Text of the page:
The Post JET Acceptance Checklist The forms you need to fill out and the people you need to talk to

    Viewing under The Tofugu JET Program Guide

    You've been checking your email feverishly every day. Refresh, refresh, refresh. When will it come? Finally, you open your inbox and there it is. An email from the Japanese embassy.

    Inside is the news you've been waiting for. You passed the interview stage and are now shortlisted for the JET Program!

    Being shortlisted means you're effectively there. You'll be an official JET participant with just a little more paperwork. Piece of cake. After the application, no amount of paperwork can scare you.

    Shortlisted, Alternate, and Early Departure

    First there are a few terms to clear up. All candidates who are accepted onto the JET Program fall into one of the three categories: Shortlist, Alternate, or Early Departure.

    Shortlist candidates are the majority. They are accepted to the JET Program and depart in late summer. Being shortlisted means you are tentatively accepted to the JET Program, provided you complete the final paperwork. It's like being 98% there. Just fill out some forms so you can enter the country and work. Shortlist candidate depart with Group A or B.

    Alternate candidates are those that scored below the cutoff score set by the Ministry of Foreign Affairs, but high enough that they could still enter the program if someone else drops out. There are always several shortlist candidates who do not accept their placement. So more than a few alternates will get to go on JET. Alternate Candidates depart with Group C.

    Early departure candidates are those that requested early departure on their application forms and want to depart for Japan in April rather than July or August. To qualify as an early departure candidate, you must request it on your application, prove your graduation before departure, and hand in your FBI Background Check and Certificate of Health at the time of Interview. Early departure candidates depart by themselves and are not assigned a group letter.

    Timeline

    This timeline applies Group A & B JETs (shortlist candidates) and not to early departure or alternate candidates. Early departure candidates have to do all this same stuff, just earlier and alone. If you're an alternate candidate, you do all this stuff later with Group C.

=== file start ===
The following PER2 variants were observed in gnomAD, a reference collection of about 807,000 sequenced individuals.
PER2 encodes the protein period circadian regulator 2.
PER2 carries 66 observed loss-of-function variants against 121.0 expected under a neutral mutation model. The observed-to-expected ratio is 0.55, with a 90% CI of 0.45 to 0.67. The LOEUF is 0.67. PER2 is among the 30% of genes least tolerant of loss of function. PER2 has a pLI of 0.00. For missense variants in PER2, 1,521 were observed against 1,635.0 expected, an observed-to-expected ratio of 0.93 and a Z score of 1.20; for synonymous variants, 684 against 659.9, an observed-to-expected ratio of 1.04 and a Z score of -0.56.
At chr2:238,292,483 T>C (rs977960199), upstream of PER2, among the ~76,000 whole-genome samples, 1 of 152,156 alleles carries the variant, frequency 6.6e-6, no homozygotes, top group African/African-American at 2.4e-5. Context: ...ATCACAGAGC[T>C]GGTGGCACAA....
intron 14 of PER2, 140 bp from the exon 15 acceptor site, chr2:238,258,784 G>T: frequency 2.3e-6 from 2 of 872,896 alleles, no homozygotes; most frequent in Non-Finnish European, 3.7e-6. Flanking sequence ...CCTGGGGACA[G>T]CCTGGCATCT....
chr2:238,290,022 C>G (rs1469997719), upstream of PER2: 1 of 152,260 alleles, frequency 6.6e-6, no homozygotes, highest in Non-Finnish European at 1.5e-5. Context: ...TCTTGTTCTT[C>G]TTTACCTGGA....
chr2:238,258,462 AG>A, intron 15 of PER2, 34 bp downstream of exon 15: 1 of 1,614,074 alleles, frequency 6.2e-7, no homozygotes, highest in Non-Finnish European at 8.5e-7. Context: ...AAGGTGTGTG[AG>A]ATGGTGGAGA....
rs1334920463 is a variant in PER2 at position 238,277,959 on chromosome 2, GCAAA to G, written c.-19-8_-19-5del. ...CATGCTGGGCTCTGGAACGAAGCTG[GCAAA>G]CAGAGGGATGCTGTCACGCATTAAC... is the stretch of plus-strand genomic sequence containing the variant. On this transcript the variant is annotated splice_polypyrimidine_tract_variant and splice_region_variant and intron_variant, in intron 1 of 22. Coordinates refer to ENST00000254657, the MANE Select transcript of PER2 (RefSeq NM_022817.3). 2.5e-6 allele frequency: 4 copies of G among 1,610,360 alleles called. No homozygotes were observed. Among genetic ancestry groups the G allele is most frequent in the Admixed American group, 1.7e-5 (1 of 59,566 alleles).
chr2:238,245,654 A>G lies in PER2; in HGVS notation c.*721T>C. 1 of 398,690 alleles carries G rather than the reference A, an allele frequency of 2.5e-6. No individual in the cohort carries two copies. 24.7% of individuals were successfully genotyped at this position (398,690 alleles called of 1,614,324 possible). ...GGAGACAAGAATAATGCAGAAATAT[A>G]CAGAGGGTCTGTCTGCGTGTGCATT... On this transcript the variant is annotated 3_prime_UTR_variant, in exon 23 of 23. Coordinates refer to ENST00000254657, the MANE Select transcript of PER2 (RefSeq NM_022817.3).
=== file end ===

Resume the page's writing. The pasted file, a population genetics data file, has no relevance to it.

Early April: You get your letter

    Hooray! You are now shortlisted. Remember, shortlisted doesn't mean you're in. It means you've been accepted but still have some more paperwork to finish before getting into JET.

    May: Submit requested forms to your JET Coordinator

    After getting your acceptance letter, a big ol' envelope from your consulate will arrive filled with stuff for you to do, as well as pamphlets and maybe even a DVD. We'll get to the paperwork in the next section.

    May-June: Non-Mandatory Pre-Departure Q&A

    Not all consulates and embassies provide this but most do. This is an informal Q&A/Training Session/Panel/Food Party where your JET Coordinator and some JET Alumni present workshops, answer questions, and eat food with the outgoing JETs.

    May-July: Receive placement notification

    Depending on your contracting organization (CO) and the needs of schools, your placement in Japan can come to you any time between May and July. This contact will likely come from the prefecture or town iteself.

    May-June: PACK!

    This is all you. You can do this whenever. If you're a super minimalist, you can do it all the night before you leave. Otherwise, give yourself some time to get things together.

    June-July: Mandatory Pre-departure orientation the day before you leave

    If you are Group A, you will depart July 25. If you are Group B, you will depart August 1. The day before you depart, you are required to attend a mandatory pre-departure orientation. This will include workshops and Q&A, but is mostly to give you vital details about your flight and travel situation.

    July-August: Get on the plane!

    July 25 or August 1, most likely.